Standing with Nan-Hui Against Domestic Violence

April 27, 2015

Image from KACEDA

Last month, on March 3, 2015, a jury unanimously decided to grant a guilty verdict for mother and domestic violence survivor Nan-Hui until her sentencing date on April 1, 2015. Nan’s story is not uncommon. It is only one of many stories that have come up since the verdict was released. In November 2009, she fled from her physically and emotionally abusive relationship to find herself charged with child abduction and her daughter handed over to her former partner upon her return to the US last year.  

While the statistic only reflects reported cases, studies have shown that well over 50% of immigrant women are subject to domestic and sexual violence. Last month, the case of Nan Hui was brought to the nation's attention, which sparked an outpouring of community support for Hui. Yet she remains confined as a result of her attempting to flee her abuser in 2009. Since being jailed for trying to escape her abuser and protect her daughter, Hui has been prevented from seeing her daughter since July 2014. 

While media coverage has allowed for the story to reach a wider audience and gain a substantial following, there are many factors that prevent and obstruct justice in this particular case. Non-profit organization, Korean American Coalition to End Domestic Abuse (KACEDA) has been one of the major organizations supporting Nan since her detainment. The organization was founded in 1997 by Korean American women dedicated to ending domestic violence as well as provided much needed to support to immigrant women in need of legal assistance and survivor support. In order to better understand the complexities and systemic issues within the justice and immigration systems, KACEDA shared the following list:

1) A Limited English Proficient (LEP) undocumented person has limited access to information about their rights, due process, family law, immigration law, DV, CA child abduction law, and more.

2) The American legal and immigration systems can be extremely convoluted and challenging to navigate for abuse survivors. They can also perpetuate and facilitate continued abuse or retaliation.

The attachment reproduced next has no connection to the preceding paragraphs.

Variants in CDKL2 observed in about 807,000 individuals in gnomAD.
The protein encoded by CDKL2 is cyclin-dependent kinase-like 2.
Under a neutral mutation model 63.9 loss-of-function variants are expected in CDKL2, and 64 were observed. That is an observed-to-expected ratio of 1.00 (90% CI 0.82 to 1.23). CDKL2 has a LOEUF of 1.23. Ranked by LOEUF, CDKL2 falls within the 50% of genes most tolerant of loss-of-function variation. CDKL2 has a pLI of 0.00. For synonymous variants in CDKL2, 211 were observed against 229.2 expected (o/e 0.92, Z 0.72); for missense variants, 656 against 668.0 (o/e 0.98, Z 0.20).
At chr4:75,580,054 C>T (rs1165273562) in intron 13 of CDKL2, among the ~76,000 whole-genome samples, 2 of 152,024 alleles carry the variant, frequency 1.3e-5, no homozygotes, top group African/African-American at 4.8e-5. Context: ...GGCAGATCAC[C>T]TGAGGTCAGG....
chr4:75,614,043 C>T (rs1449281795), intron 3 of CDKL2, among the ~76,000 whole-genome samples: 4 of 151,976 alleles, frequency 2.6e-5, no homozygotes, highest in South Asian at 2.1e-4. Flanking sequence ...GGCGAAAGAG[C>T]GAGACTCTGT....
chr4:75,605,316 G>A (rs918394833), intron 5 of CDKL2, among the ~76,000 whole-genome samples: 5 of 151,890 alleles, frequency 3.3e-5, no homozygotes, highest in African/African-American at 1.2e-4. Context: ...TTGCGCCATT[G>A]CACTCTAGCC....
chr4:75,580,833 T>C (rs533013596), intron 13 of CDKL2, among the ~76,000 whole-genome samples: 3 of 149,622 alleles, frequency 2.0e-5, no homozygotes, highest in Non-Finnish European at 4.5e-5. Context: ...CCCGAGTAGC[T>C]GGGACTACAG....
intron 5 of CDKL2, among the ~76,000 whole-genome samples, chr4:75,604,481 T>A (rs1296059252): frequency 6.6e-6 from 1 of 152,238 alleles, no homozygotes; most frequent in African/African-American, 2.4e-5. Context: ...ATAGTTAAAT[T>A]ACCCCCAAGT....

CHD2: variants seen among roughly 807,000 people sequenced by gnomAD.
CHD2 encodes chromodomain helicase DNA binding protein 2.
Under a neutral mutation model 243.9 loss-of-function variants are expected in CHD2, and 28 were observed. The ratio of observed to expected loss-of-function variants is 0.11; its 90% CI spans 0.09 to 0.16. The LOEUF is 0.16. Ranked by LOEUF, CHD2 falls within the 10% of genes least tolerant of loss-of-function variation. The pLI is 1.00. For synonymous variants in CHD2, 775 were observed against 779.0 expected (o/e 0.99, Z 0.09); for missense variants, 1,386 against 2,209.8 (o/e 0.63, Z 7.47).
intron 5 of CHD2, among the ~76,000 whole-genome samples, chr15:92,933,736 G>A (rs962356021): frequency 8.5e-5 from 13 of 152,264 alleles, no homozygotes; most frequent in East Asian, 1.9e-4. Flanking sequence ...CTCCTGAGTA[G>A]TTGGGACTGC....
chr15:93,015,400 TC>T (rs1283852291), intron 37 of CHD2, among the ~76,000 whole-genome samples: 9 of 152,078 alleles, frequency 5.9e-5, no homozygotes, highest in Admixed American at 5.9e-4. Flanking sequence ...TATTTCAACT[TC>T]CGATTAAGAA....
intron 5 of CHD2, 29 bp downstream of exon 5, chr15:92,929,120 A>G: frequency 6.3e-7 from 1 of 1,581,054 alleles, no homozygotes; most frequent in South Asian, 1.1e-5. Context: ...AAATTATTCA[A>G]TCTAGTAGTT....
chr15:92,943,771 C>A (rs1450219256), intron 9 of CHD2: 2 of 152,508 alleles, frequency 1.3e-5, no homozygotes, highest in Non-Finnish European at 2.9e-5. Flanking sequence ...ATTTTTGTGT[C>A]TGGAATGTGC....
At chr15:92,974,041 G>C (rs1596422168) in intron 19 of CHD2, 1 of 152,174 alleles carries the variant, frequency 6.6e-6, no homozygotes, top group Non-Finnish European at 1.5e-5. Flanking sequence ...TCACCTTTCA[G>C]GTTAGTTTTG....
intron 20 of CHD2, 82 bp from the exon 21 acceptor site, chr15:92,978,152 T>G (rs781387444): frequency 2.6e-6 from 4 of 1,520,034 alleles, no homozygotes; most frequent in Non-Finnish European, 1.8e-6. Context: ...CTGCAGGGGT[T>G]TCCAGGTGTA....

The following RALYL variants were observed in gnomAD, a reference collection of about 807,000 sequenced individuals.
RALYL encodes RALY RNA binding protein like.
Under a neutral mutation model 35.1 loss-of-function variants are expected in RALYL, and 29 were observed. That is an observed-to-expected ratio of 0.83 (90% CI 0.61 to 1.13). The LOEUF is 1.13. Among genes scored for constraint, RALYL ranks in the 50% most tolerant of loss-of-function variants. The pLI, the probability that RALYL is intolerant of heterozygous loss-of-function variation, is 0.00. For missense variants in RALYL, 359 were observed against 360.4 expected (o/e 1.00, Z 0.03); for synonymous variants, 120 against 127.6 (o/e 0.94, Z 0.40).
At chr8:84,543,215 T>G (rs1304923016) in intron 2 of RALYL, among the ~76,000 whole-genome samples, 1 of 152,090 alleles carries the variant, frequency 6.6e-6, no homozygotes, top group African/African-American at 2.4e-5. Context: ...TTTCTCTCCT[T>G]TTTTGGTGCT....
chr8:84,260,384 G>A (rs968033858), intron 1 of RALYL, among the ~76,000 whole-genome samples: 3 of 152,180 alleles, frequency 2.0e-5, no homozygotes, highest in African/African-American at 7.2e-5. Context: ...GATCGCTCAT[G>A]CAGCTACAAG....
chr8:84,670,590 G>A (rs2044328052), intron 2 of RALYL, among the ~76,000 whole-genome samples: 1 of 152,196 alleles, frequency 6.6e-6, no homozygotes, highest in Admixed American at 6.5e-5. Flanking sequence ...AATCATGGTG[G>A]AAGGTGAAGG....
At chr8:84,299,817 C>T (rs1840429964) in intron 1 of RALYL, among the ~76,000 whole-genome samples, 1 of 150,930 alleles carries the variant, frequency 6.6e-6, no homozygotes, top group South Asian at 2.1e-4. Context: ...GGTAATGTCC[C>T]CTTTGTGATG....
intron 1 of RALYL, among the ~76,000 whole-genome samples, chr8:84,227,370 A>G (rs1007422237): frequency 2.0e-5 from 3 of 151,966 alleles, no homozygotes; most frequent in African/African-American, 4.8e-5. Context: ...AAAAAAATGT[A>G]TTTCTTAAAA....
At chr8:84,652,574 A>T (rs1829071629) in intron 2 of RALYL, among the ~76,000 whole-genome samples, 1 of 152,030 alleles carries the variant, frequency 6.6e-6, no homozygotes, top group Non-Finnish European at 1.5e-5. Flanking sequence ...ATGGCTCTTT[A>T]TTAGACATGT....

3) Abuse is a repetitive pattern of behaviors in order to maintain power and control over a partner. Abuse includes the use of physical and sexual violence, threats and intimidation, emotional abuse, and economic deprivation. 

4) Domestic violence does not necessarily resemble extreme physical torture It is dangerous to believe the notion that abuse must reach lethal levels of violence before it is taken seriously.

5) Tactics of abuse also include manipulation, verbal abuse, veiled threats, physical intimidation, humiliation, pressuring about reproductive choices, etc.

6) Domestic violence is not limited to single “incidents” that can be easily identified and prosecuted. It is an ongoing pattern of behaviors that exists before, during, and after what people traditionally conceive of as domestic violence -- physical assault and explosive violence.

7) Survivors are blamed and judged when they stay in abusive relationships. But in the case of Nan Hui, survivors are also vunerable to being punished and criminalized when they do their best to leave.

The unfortunate reality of Nan Hui's case is the fact testimony and documentation exists that her abuser has, in fact, inflicted violence on Hui. Yet Hui has been faced with criminal charges. Fleeing from an abuser can be a terrifying experience for someone with limited English skills and few resources. Child abduction then becomes the legal charge over domestic violence in many cases. Despite the fact that Hui contacted the police twice for physical harm and harassment, the police did not document her reports. It is imperative to point to the direct correlation between domestic violence and child abuse, which has not been taken into account in his case. The abuser is perceived as capable and fit despite his behavior. 

To learn more about the case and the different ways the community could offer its support, I spoke with KACEDA representative Hyejin Shim. She mentioned the primary focus ought to be on the “immediate threats of continued detention and the transferal to an immigration detention facility and deportation.” With direct actions such as packing the courthouse on April 28th, the community can actually help affect change. Shim continued, “undocumented youth organizers, like those of IYC (Immigrant Youth Coalition) and ASPIRE, have successfully stopped deportation proceedings before, and have proven that community pressure and strong media attention can be incredibly powerful tools in halting deportations. It is important for these cases to have visibility and high community interest so that immigration officials are aware that they are being held accountable.”

Women remain one of the most vulnerable demographics to abuses of the legal system as well as domestic and sexual violence. The systems meant to serve and protect have failed in the case of Nan Hui.

Upcoming community action


Come pack the courtroom with friendly faces on April 28th at 1PM in front of Yolo County Superior Court to show that we continue to #StandWithNanHui. 

Follow @StandWithNanHui on Twitter.

Resources to learn more

If you are interested in sending letters of organizational support, please utilize KACEDA's statement.

Information on direct action can be found here.

The social media campaign, #StandwithNanHui

Press release regarding Hui's case.

You can also send an email to standwithnanhui [at] with questions or concerns.

Additional information on API gender based violence can also be found here.



Dorothy R. Santos


Dorothy Santos, along with Karissa Chen, is Editor-in-Chief of Hyphen magazine.